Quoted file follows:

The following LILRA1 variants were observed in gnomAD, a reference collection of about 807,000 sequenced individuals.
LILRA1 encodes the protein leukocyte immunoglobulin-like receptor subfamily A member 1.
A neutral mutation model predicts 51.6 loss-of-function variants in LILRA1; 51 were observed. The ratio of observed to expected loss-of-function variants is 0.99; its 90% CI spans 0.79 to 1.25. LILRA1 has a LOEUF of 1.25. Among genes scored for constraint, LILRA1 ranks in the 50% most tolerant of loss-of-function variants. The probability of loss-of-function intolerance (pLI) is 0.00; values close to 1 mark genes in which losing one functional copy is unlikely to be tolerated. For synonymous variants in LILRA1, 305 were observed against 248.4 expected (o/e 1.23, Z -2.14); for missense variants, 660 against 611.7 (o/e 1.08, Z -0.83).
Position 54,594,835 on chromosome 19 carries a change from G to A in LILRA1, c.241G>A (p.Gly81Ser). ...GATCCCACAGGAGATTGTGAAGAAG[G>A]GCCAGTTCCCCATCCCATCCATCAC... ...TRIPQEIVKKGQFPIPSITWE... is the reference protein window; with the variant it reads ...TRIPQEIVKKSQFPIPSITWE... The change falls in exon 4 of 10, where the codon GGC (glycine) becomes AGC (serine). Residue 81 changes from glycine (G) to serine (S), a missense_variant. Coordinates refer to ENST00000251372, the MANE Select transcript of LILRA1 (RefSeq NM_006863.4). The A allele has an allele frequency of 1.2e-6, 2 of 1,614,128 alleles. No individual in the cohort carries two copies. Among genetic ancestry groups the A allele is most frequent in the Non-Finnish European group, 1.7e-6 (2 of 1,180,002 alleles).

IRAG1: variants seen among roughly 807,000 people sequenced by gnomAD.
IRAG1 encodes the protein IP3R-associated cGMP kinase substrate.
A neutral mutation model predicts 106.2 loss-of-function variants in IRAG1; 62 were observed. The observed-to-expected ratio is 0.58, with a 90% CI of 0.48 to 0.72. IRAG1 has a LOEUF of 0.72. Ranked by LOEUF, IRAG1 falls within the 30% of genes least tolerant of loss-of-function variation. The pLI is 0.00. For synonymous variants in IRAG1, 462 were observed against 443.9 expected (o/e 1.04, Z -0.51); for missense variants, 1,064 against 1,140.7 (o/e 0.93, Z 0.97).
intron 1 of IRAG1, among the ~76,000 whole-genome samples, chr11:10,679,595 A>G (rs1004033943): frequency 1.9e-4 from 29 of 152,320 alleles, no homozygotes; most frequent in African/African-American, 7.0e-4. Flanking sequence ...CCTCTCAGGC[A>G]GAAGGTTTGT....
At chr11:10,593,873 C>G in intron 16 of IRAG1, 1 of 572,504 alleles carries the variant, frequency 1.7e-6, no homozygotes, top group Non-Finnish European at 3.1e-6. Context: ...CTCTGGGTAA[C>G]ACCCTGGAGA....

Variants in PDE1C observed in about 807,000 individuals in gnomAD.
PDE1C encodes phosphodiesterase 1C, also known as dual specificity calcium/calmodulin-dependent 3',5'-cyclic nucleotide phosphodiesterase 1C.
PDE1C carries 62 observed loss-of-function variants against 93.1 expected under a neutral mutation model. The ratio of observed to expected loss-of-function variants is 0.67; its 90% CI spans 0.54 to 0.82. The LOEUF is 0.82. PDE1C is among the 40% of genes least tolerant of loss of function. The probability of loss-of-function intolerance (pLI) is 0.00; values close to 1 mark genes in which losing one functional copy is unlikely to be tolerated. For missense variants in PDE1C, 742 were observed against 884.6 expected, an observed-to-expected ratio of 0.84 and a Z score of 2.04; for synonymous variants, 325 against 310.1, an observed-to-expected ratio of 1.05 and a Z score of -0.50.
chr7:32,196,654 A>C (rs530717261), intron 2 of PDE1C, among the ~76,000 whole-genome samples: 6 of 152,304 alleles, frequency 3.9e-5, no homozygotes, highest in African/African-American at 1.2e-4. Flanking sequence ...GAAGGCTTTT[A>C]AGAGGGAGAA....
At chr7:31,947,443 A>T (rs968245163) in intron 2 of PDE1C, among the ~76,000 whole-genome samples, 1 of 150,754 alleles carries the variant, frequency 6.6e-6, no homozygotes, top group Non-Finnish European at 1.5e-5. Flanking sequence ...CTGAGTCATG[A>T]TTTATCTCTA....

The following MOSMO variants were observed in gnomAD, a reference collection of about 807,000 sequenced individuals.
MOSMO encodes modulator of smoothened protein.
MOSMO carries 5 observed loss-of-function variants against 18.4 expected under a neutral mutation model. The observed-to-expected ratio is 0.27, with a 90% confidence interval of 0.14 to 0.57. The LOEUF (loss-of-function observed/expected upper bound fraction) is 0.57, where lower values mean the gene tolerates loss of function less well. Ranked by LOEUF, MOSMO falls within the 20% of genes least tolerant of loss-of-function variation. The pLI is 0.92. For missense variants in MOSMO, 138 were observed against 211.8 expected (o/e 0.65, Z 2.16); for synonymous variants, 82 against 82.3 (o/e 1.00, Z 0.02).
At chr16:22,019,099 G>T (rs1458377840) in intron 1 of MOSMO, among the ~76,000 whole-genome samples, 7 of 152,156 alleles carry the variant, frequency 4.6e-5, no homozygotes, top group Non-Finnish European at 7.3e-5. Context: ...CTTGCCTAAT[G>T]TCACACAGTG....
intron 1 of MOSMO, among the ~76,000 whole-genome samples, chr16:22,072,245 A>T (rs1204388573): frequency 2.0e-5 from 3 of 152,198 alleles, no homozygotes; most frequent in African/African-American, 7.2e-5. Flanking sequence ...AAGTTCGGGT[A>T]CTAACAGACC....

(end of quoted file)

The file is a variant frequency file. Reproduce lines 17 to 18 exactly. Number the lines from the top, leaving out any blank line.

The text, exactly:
MOSMO carries 5 observed loss-of-function variants against 18.4 expected under a neutral mutation model. The observed-to-expected ratio is 0.27, with a 90% confidence interval of 0.14 to 0.57. The LOEUF (loss-of-function observed/expected upper bound fraction) is 0.57, where lower values mean the gene tolerates loss of function less well. Ranked by LOEUF, MOSMO falls within the 20% of genes least tolerant of loss-of-function variation. The pLI is 0.92. For missense variants in MOSMO, 138 were observed against 211.8 expected (o/e 0.65, Z 2.16); for synonymous variants, 82 against 82.3 (o/e 1.00, Z 0.02).
At chr16:22,019,099 G>T (rs1458377840) in intron 1 of MOSMO, among the ~76,000 whole-genome samples, 7 of 152,156 alleles carry the variant, frequency 4.6e-5, no homozygotes, top group Non-Finnish European at 7.3e-5. Context: ...CTTGCCTAAT[G>T]TCACACAGTG....